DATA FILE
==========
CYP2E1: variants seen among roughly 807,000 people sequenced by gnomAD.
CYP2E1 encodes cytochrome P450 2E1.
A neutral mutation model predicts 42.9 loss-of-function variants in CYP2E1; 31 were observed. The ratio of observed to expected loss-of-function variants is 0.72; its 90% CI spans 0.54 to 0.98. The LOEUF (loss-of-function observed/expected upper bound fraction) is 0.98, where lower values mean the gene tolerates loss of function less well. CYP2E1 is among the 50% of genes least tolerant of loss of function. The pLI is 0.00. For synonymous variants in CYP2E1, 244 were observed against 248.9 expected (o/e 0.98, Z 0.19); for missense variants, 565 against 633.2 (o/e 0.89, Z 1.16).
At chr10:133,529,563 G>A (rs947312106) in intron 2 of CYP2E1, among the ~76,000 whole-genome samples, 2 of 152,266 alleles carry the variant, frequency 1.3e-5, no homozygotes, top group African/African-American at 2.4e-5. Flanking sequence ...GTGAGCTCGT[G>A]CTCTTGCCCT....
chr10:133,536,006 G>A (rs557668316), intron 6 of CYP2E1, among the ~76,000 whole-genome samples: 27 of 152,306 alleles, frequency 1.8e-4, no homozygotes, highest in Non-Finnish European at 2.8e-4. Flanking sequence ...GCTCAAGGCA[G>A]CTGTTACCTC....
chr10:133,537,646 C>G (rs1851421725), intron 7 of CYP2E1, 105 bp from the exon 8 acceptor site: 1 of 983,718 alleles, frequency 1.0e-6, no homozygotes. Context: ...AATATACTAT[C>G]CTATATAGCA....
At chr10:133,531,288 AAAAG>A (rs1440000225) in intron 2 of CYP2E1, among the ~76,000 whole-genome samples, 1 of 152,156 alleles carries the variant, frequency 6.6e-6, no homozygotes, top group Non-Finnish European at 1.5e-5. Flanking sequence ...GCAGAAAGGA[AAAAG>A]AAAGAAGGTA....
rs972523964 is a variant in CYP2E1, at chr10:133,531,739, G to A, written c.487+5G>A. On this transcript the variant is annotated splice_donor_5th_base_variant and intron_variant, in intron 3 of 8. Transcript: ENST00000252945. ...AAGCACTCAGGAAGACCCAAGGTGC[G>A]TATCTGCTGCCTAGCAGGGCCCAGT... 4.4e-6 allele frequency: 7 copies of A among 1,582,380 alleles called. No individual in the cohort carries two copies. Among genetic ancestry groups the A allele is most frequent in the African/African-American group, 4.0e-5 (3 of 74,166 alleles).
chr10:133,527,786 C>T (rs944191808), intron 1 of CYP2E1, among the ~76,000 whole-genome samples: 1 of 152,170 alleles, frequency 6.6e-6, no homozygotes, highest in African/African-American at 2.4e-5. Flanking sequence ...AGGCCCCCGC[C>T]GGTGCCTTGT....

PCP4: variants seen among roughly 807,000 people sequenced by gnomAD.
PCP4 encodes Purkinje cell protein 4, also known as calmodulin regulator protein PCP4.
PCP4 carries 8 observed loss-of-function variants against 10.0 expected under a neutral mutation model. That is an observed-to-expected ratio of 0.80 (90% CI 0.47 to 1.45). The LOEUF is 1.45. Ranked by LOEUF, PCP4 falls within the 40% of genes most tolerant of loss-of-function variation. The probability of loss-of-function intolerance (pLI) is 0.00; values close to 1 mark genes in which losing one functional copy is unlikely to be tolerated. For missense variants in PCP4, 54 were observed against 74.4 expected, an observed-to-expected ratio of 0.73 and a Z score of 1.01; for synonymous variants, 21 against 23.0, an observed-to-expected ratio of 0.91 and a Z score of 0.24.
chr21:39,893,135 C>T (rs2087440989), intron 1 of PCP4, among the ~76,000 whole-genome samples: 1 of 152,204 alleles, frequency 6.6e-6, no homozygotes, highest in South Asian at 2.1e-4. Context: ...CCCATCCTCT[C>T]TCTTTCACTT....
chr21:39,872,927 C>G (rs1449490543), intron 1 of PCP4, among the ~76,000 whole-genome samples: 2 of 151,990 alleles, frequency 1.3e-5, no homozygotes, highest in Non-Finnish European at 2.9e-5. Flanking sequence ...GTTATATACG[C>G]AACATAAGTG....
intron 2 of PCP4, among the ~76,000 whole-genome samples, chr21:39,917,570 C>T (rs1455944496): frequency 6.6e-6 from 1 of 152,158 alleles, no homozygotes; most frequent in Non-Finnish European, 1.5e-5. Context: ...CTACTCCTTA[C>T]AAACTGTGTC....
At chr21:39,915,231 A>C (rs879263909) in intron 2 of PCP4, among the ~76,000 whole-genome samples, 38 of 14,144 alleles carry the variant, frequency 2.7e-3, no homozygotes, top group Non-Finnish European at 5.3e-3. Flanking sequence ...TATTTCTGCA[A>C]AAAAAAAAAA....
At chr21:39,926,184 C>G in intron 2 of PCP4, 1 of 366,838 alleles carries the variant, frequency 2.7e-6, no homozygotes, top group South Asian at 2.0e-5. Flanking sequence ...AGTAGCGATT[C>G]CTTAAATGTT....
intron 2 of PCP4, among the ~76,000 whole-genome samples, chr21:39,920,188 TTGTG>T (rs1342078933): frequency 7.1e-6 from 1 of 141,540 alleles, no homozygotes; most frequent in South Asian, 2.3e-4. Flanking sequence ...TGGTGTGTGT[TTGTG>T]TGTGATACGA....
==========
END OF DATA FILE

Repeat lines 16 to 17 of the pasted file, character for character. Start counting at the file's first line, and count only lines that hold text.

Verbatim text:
At chr21:39,915,231 A>C (rs879263909) in intron 2 of PCP4, among the ~76,000 whole-genome samples, 38 of 14,144 alleles carry the variant, frequency 2.7e-3, no homozygotes, top group Non-Finnish European at 5.3e-3. Flanking sequence ...TATTTCTGCA[A>C]AAAAAAAAAA....
At chr21:39,926,184 C>G in intron 2 of PCP4, 1 of 366,838 alleles carries the variant, frequency 2.7e-6, no homozygotes, top group South Asian at 2.0e-5. Flanking sequence ...AGTAGCGATT[C>G]CTTAAATGTT....